U.S. Stocks Extend Slide as Nasdaq Enters Bear Market
U.S. stocks experienced yet another 180-turn on Friday, as the major indexes declined sharply in the latter half of the session with the Nasdaq a entering bear market for the first time since 2009. A stronger dollar pushed gold prices down for the first time this week.
Stocks on Wall Street opened higher on Friday before taking another turbulent turn lower. By the end of trading, all major benchmarks had reported significant losses. The technology-focused Nasdaq Composite Index posted the biggest loss percentage-wise, losing 3% to close at 6,332.99. With the loss, the Nasdaq has officially entered into a bear market, which is normally defined as a loss of 20% or more from a recent high. Over the past month, the index is down a whopping 9.2%.
The Dow Jones Industrial Average declined 414.87 points, or 1.8%, to finish at 22,444.73. Goldman Sachs Group Inc. (GS) and American Express Co (AXP) were the biggest losers on the day.
The broad S&P 500 Index fell 2.1% to 2,416.4, all 11 primary sectors finishing lower. Communications services and information technology were the biggest laggards, falling 3.2% and 3%, respectively.
All three indexes settled at more than one-year lows, extending a fourth-quarter selloff that has obliterated the bull market.
Bullion experienced a corrective pullback Friday following a string of gains that drove prices to six-month highs. Gold for February settlement fell $9.70, or 0.8%, to $1,258.20 a troy ounce on the Comex division of the New York Mercantile Exchange.
Silver and other metals fell in lockstep with bullion at the end of the week. March silver contracts declined 19 cents, or 1.3%, to $14.68 a troy ounce. Platinum spot fell $6.66, or 0.8%, to $788.52 a troy ounce.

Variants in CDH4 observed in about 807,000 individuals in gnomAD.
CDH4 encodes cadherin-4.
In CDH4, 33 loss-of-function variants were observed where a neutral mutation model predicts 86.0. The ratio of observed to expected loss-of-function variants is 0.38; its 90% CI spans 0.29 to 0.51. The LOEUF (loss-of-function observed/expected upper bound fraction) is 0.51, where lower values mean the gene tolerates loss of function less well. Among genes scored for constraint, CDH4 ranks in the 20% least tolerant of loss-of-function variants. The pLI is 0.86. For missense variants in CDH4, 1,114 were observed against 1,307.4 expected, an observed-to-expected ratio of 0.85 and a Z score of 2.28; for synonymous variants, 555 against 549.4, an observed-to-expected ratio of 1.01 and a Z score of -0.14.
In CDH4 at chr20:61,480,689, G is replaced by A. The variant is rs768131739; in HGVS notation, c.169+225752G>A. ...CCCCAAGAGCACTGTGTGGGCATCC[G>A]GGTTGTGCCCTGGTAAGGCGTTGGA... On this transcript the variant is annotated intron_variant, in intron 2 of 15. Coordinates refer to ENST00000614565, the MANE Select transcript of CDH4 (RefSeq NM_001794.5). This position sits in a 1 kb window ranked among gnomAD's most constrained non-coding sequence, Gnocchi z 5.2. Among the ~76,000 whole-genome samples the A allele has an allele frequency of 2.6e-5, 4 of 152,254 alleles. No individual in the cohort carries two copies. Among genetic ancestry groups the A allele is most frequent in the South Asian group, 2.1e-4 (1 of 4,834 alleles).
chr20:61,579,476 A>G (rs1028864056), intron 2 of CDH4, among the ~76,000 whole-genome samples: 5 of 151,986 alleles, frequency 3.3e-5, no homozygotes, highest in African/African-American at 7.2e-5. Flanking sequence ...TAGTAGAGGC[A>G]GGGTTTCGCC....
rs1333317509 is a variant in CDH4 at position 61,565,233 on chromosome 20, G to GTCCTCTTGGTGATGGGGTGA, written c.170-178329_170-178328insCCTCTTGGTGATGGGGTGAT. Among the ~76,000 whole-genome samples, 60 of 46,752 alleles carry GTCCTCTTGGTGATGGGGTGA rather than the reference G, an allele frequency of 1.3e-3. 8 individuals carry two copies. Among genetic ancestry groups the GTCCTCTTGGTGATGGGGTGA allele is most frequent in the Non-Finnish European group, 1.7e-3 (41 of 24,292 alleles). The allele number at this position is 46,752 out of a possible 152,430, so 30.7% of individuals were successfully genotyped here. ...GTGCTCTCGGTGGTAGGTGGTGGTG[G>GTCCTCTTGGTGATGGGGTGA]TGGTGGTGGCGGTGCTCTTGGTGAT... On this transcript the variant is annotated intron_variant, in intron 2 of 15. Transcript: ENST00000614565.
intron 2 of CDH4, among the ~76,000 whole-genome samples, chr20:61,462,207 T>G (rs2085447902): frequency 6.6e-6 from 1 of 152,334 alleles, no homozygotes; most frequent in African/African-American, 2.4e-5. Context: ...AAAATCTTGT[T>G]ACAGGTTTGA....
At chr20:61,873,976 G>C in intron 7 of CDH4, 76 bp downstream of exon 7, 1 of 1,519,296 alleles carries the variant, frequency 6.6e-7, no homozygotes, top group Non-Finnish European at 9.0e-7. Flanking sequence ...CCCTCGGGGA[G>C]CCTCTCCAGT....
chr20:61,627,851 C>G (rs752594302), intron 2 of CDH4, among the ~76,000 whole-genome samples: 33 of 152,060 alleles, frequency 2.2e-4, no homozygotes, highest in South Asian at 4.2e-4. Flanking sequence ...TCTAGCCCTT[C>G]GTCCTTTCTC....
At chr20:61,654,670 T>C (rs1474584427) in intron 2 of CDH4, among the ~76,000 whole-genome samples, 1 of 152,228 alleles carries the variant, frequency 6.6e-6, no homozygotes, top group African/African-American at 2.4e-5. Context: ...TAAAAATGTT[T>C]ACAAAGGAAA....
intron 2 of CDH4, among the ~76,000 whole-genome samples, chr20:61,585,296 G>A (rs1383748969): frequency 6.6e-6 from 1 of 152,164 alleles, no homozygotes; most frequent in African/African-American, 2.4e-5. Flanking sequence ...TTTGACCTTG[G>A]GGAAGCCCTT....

Precious metals were under pressure from a rebounding U.S. dollar on the heels of fresh monthly lows. The dollar index (DXY), which tracks the performance of the greenback against a basket of six peers, rose 0.8% to 97.02.
Turmoil in Washington and the growing probability of a government shutdown exacerbated the market downtrend on Friday. President Donald Trump has vowed a “very long” shutdown of government services if the Democrats do not fund a $5.7 billion border wall.
“I hope we don’t but we are totally prepared for a very long shutdown,” Trump said Friday.
The border wall was one of President Trump’s biggest campaign promises to curb illegal immigration. There were nearly 11 million illegal immigrants residing in the U.S. as of 2016, according to the PEW Research Center. Some estimates place the actual number much higher.
Featured image courtesy of Shutterstock.